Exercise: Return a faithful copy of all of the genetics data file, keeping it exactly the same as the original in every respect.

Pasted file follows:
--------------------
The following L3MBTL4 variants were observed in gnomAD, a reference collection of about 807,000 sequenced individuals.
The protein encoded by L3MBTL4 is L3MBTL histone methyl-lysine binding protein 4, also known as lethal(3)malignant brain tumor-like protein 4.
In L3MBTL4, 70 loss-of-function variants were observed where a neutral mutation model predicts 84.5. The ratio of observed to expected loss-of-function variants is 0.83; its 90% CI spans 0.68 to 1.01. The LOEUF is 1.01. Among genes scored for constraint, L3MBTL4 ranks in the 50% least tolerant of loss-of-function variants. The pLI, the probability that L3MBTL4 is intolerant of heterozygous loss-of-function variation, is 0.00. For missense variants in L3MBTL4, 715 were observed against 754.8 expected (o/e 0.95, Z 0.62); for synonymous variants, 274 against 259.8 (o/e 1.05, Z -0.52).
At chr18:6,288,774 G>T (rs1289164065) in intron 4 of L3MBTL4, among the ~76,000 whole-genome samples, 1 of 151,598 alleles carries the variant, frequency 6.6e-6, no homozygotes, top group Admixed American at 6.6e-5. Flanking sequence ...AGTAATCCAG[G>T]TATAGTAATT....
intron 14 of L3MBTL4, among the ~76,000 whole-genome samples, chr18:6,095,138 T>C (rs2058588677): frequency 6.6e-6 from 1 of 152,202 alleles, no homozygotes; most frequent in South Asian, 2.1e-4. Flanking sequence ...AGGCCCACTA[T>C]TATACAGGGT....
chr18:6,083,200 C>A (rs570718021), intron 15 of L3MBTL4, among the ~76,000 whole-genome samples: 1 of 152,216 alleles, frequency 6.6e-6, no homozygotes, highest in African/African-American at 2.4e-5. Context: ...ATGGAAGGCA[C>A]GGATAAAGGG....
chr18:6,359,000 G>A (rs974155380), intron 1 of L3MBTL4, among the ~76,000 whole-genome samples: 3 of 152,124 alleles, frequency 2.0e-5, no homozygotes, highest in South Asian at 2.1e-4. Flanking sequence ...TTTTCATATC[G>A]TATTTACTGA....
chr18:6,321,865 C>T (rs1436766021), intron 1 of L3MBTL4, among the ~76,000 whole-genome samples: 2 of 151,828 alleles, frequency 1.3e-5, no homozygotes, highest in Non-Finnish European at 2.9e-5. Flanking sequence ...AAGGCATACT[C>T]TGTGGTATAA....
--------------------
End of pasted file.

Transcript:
The following L3MBTL4 variants were observed in gnomAD, a reference collection of about 807,000 sequenced individuals.
The protein encoded by L3MBTL4 is L3MBTL histone methyl-lysine binding protein 4, also known as lethal(3)malignant brain tumor-like protein 4.
In L3MBTL4, 70 loss-of-function variants were observed where a neutral mutation model predicts 84.5. The ratio of observed to expected loss-of-function variants is 0.83; its 90% CI spans 0.68 to 1.01. The LOEUF is 1.01. Among genes scored for constraint, L3MBTL4 ranks in the 50% least tolerant of loss-of-function variants. The pLI, the probability that L3MBTL4 is intolerant of heterozygous loss-of-function variation, is 0.00. For missense variants in L3MBTL4, 715 were observed against 754.8 expected (o/e 0.95, Z 0.62); for synonymous variants, 274 against 259.8 (o/e 1.05, Z -0.52).
At chr18:6,288,774 G>T (rs1289164065) in intron 4 of L3MBTL4, among the ~76,000 whole-genome samples, 1 of 151,598 alleles carries the variant, frequency 6.6e-6, no homozygotes, top group Admixed American at 6.6e-5. Flanking sequence ...AGTAATCCAG[G>T]TATAGTAATT....
intron 14 of L3MBTL4, among the ~76,000 whole-genome samples, chr18:6,095,138 T>C (rs2058588677): frequency 6.6e-6 from 1 of 152,202 alleles, no homozygotes; most frequent in South Asian, 2.1e-4. Flanking sequence ...AGGCCCACTA[T>C]TATACAGGGT....
chr18:6,083,200 C>A (rs570718021), intron 15 of L3MBTL4, among the ~76,000 whole-genome samples: 1 of 152,216 alleles, frequency 6.6e-6, no homozygotes, highest in African/African-American at 2.4e-5. Context: ...ATGGAAGGCA[C>A]GGATAAAGGG....
chr18:6,359,000 G>A (rs974155380), intron 1 of L3MBTL4, among the ~76,000 whole-genome samples: 3 of 152,124 alleles, frequency 2.0e-5, no homozygotes, highest in South Asian at 2.1e-4. Flanking sequence ...TTTTCATATC[G>A]TATTTACTGA....
chr18:6,321,865 C>T (rs1436766021), intron 1 of L3MBTL4, among the ~76,000 whole-genome samples: 2 of 151,828 alleles, frequency 1.3e-5, no homozygotes, highest in Non-Finnish European at 2.9e-5. Flanking sequence ...AAGGCATACT[C>T]TGTGGTATAA....